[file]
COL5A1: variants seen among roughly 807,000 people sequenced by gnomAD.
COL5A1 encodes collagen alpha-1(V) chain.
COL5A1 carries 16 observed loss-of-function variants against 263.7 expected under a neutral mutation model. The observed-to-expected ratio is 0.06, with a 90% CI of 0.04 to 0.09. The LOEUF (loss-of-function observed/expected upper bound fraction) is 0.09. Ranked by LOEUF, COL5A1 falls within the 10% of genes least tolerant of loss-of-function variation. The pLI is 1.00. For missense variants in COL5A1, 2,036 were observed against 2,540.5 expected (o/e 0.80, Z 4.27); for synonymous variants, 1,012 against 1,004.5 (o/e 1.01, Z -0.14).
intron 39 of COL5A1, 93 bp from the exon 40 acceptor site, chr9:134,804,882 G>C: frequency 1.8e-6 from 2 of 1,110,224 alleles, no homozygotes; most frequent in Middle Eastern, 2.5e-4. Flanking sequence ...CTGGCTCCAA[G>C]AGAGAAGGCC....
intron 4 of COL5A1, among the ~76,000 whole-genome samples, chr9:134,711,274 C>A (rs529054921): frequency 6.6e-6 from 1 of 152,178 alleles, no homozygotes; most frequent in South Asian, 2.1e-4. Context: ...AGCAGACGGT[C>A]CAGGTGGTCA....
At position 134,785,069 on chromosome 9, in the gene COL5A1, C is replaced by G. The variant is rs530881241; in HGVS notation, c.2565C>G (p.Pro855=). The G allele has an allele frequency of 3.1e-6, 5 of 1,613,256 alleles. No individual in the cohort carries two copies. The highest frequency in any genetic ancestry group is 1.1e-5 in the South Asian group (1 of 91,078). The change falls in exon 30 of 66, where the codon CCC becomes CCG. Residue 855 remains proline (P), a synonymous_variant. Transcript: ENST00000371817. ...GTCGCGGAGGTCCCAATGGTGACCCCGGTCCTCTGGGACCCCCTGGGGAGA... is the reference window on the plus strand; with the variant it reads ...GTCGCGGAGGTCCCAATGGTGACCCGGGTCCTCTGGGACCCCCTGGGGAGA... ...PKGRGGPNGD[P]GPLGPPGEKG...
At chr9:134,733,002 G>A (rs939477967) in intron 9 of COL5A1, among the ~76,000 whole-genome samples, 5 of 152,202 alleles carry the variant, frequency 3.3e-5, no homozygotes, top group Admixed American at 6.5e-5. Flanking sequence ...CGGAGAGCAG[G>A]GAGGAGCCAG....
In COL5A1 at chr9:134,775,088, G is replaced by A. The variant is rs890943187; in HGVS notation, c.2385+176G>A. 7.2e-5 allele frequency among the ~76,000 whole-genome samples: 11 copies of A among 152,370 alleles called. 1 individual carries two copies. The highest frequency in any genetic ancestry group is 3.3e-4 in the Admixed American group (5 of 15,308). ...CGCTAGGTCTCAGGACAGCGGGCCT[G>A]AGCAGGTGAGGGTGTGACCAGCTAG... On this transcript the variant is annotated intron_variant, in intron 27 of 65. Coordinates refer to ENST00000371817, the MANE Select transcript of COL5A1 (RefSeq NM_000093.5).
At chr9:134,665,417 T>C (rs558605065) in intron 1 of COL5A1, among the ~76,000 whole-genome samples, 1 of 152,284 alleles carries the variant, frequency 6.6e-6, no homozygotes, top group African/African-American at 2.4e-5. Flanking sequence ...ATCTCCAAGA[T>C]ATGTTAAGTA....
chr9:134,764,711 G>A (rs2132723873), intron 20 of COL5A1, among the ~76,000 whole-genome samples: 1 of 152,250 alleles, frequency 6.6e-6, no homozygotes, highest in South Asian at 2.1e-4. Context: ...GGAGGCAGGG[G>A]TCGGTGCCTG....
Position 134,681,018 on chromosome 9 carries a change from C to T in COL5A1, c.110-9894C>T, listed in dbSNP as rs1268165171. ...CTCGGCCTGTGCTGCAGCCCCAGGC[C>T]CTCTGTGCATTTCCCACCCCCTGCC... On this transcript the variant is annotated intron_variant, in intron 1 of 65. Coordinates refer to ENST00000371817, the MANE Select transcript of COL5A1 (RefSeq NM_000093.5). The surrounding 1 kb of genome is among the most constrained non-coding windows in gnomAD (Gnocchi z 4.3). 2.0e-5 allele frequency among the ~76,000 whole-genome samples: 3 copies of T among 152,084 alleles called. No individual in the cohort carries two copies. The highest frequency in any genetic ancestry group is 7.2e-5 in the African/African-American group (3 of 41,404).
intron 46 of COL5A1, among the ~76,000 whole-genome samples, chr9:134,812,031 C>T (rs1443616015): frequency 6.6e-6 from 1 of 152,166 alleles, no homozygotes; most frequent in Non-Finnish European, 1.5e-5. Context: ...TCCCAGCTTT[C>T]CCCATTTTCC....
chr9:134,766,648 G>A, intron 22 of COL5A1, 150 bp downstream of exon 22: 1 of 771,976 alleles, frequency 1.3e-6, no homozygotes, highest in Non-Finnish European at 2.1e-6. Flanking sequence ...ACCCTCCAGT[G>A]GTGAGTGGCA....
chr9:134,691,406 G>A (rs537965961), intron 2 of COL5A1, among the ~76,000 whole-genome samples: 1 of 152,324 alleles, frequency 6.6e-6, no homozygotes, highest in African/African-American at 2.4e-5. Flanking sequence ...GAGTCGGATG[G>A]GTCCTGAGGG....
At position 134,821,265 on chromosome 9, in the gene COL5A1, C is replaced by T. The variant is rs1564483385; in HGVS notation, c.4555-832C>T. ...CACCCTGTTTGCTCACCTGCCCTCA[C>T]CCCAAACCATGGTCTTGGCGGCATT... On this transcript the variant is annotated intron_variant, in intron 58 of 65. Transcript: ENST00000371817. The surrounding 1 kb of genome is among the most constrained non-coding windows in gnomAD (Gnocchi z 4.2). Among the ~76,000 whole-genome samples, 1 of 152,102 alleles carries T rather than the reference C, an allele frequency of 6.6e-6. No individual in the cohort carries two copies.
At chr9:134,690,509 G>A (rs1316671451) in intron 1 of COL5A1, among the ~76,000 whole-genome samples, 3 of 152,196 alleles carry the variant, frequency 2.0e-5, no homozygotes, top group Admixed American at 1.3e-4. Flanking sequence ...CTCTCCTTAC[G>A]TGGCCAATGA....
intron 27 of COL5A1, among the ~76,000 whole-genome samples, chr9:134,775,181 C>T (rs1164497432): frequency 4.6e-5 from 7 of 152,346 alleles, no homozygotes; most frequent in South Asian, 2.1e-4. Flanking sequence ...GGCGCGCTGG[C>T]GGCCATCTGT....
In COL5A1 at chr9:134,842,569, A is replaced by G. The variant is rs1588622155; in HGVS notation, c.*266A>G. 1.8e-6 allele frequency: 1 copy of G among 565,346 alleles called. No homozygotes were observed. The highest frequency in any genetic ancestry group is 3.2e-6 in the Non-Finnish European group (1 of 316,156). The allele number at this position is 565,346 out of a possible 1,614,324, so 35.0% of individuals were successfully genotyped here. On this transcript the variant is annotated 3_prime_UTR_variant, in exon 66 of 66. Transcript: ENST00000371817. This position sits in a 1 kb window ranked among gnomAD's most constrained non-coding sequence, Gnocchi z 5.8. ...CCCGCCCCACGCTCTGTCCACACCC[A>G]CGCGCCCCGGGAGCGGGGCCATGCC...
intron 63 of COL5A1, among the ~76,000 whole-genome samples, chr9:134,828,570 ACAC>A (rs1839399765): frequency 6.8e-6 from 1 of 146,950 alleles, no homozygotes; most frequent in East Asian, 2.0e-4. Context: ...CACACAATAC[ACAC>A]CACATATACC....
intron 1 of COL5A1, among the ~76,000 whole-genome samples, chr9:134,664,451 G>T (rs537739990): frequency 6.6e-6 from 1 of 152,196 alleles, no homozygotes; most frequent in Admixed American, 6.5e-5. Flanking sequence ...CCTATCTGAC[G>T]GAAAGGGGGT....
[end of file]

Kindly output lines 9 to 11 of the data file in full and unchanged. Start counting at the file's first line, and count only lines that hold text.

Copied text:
At chr9:134,665,417 T>C (rs558605065) in intron 1 of COL5A1, among the ~76,000 whole-genome samples, 1 of 152,284 alleles carries the variant, frequency 6.6e-6, no homozygotes, top group African/African-American at 2.4e-5. Flanking sequence ...ATCTCCAAGA[T>C]ATGTTAAGTA....
chr9:134,764,711 G>A (rs2132723873), intron 20 of COL5A1, among the ~76,000 whole-genome samples: 1 of 152,250 alleles, frequency 6.6e-6, no homozygotes, highest in South Asian at 2.1e-4. Context: ...GGAGGCAGGG[G>A]TCGGTGCCTG....
Position 134,681,018 on chromosome 9 carries a change from C to T in COL5A1, c.110-9894C>T, listed in dbSNP as rs1268165171. ...CTCGGCCTGTGCTGCAGCCCCAGGC[C>T]CTCTGTGCATTTCCCACCCCCTGCC... On this transcript the variant is annotated intron_variant, in intron 1 of 65. Coordinates refer to ENST00000371817, the MANE Select transcript of COL5A1 (RefSeq NM_000093.5). The surrounding 1 kb of genome is among the most constrained non-coding windows in gnomAD (Gnocchi z 4.3). 2.0e-5 allele frequency among the ~76,000 whole-genome samples: 3 copies of T among 152,084 alleles called. No individual in the cohort carries two copies. The highest frequency in any genetic ancestry group is 7.2e-5 in the African/African-American group (3 of 41,404).